Johannesburg - Black Leopards boss David Thidiela has dared the SA Football Association (Safa) to touch him.
The executive member of the Premier Soccer League (PSL) has been summoned to appear before the football governing association’s disciplinary committee on January 20 for comments he allegedly made about match officials.
According to the charge sheet, the former PSL chief of security behaved in a “disorderly manner [and] threatened and used discriminatory words against a match official” during a National First Division (NFD) game between Leopards and Royal Eagles on December 17.
Safa claims that utterances Thidiela made on radio recently had brought the football governing body into disrepute and breached its communications policy.
It was in December, while speaking on the Metro FM sports show, 083 Sports@6 with Robert Marawa, that Thidiela said he was “sick and tired of corrupt activities” happening in the NFD.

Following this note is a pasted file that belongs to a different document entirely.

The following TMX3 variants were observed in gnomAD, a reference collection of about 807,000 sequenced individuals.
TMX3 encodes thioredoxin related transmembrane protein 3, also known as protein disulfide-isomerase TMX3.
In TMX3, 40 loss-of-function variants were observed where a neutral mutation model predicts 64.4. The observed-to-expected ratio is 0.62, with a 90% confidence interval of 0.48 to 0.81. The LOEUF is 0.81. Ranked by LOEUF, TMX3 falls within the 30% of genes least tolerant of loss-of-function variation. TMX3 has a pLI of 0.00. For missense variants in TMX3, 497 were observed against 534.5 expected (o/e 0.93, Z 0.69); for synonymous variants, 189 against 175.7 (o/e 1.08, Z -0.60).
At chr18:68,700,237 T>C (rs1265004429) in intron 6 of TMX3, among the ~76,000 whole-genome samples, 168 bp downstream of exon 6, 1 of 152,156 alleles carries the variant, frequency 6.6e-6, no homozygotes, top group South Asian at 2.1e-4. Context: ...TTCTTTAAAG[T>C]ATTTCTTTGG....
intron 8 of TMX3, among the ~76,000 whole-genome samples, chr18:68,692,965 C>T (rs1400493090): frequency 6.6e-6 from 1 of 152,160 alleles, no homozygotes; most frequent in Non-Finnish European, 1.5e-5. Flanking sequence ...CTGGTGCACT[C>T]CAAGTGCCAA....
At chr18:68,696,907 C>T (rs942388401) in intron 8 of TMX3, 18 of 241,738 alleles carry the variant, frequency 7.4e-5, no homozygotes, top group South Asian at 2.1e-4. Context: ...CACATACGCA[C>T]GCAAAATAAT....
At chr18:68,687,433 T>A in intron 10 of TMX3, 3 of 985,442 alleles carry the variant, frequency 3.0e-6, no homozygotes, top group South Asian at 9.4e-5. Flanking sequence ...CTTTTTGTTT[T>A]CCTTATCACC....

He told Metro listeners he had written a number of letters about the matter to the association, to no avail.
Thidiela has been charged with misconduct and violation of the disciplinary code of the association.
He will have to answer for bringing the game, Safa and all stakeholders into disrepute.
“By ignoring these rules and the spirit of the Safa statutes, you have damaged the reputation of the association and brought the game into disrepute,” the charge sheet reads in part.
“Particularly in the light of the prejudice and/or potential prejudice to the association, your conduct or omission was serious, your actions have brought the association into disrepute, and you conducted yourself in a manner which prejudiced the objectives and reputation of the association.”
Despite the imminent disciplinary action, Thidiela is not cowering and remains unrepentant.
According to an informant, he is prepared to take Safa on.
The source, who is close to Thidiela, said the Leopards boss wanted to expose corruption that was allegedly happening within the NFD, involving match officials. He would not be silenced.
But Farai Razano, Thidiela’s lawyer, was reluctant to comment, saying the case was still pending.
“It would be irresponsible of us to run to the media because we do not want to pre-empt what could happen,” a cagey Razano said.
“There is a process to follow. Let the case run its course.”
Safa’s chief executive officer, Dennis Mumble, was unavailable for comment by the time of going to print.